What Johnny Manziel Can Teach Us About Investing

| September 04, 2014
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Johnny Manziel is a lightning rod in the world of sports.

Some people love him and some people don’t.

I love his freewheeling style as a football fan but don’t know whether to laugh or cringe when he rubs his fingers together in his “it’s all about the money” gesture.

But when the Cleveland Browns selected Manziel in the recent NFL draft, it was a shot in the arm to a franchise that has a great tradition but little recent success.

It also offers a very valuable lesson to investors.

The Browns sold 3,000 season tickets shortly after picking Johnny Football. The team had been averaging about 40 season tickets a day before the draft. Cleveland fans were reacting to new information in the marketplace and voting with their wallets.

That is a powerful demonstration of the Efficient Market Hypothesis.

The Efficient Market Hypothesis states that markets are constantly pricing in all relevant information and therefore it is hard to beat the markets thru market timing, forecasting, or picking the right stock.

One way an investor can earn a higher return is by purchasing riskier assets.

In our Manziel example, the Browns’ season ticket has become more valuable but you had no reliable way of knowing that before the draft. Case in point, if you were a Miami Heat fan, you could have gotten a better deal on a season ticket the year before Pat Riley convinced LeBron James to come to South Beach. How could you have looked into your crystal ball and known LeBron would end up in Miami? Or Peyton Manning would leave the Colts for the Broncos?   

Now there is a lot of controversy around the Efficient Market Hypothesis. Critics say it doesn’t take into account behavioral issues in the marketplace or bubbles in asset prices. It is not the purpose of this article to hash out all of the academic debates other than to say that EMH says prices are fair not that prices are correct.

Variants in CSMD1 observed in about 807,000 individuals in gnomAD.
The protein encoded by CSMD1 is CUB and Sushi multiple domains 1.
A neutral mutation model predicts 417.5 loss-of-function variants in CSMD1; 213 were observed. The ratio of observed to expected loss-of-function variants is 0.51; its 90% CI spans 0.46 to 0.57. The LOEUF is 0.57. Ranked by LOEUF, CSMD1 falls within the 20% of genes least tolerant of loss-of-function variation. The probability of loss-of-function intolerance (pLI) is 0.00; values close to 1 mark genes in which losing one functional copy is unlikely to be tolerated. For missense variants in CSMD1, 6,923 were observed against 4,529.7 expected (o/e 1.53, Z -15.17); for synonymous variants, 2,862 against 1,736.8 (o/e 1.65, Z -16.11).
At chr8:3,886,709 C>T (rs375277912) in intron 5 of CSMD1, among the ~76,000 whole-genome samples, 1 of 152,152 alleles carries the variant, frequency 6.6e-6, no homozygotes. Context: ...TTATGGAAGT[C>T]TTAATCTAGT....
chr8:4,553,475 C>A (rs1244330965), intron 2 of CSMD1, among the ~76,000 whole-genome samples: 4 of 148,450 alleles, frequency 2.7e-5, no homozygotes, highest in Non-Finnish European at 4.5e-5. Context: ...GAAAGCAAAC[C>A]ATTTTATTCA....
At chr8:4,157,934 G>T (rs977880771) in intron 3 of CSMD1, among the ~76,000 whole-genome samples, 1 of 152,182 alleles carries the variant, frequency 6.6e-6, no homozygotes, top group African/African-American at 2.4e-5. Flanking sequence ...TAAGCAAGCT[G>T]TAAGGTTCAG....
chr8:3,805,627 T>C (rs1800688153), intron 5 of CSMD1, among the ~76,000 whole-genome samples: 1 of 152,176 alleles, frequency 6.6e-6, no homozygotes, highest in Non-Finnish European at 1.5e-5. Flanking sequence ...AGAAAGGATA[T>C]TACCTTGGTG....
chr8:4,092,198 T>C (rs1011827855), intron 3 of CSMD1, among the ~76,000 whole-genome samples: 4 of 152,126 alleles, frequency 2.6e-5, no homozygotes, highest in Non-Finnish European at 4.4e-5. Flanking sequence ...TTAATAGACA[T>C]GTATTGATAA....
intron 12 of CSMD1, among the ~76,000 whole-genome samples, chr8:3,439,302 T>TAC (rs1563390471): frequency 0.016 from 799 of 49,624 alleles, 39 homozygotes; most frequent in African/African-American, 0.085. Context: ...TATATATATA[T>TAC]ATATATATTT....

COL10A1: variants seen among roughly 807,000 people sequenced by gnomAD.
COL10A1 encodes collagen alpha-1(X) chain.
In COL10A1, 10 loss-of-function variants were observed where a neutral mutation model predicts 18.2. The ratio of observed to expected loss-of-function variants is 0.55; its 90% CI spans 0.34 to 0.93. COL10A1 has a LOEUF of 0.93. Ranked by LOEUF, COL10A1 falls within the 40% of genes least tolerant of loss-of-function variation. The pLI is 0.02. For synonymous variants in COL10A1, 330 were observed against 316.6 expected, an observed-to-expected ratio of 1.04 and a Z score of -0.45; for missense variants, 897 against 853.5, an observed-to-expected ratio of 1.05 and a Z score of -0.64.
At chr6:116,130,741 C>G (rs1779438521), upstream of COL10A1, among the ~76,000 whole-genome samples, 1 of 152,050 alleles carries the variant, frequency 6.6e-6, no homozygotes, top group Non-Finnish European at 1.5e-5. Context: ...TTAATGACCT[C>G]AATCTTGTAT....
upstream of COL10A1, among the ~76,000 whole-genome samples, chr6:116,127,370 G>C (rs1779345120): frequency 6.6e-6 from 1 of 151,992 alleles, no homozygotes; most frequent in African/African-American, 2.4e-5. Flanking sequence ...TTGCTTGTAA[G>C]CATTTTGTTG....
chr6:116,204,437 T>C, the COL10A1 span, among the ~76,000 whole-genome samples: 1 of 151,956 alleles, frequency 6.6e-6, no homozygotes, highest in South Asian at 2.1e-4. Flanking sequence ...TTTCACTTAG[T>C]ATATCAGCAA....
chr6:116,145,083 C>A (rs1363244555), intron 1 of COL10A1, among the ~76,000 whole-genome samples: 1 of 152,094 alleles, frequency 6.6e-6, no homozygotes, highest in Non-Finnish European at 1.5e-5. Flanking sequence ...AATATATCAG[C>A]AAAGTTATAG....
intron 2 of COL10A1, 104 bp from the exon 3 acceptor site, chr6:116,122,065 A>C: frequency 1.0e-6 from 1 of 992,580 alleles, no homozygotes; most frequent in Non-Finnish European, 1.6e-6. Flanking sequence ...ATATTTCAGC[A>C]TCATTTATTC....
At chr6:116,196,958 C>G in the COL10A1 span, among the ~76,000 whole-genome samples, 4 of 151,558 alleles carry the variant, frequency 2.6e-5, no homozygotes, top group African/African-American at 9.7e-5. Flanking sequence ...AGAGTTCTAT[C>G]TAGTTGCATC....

So what does all this mean for investors?

The good news is that you don’t have to spend a lot of time or energy trying to predict the future or the direction of a specific company. The stock market is not “I win so you lose” scenario. Participants in the stock market can benefit as companies make money and return those profits to shareholders. Of course, there is risk too as companies can go bankrupt and economies can fall into recession.  

 But rather than trying to outsmart all of the other market participants, investors can help capture market returns through broad-based and diverse portfolios. After all, capitalism works. Just ask Johnny Football.

 

There is no guarantee that a diversified portfolio will enhance overall returns or outperform a non-diversified portfolio. Diversification does not protect against market risk.The opinions voiced in this material are for general information only and are not intended to provide specific advice or recommendations for any individual.  

References.

“Cleveland Browns, many others seeing benefits of Johnny Manziel mania”  Crain’s Cleveland Business. May 18, 2014.

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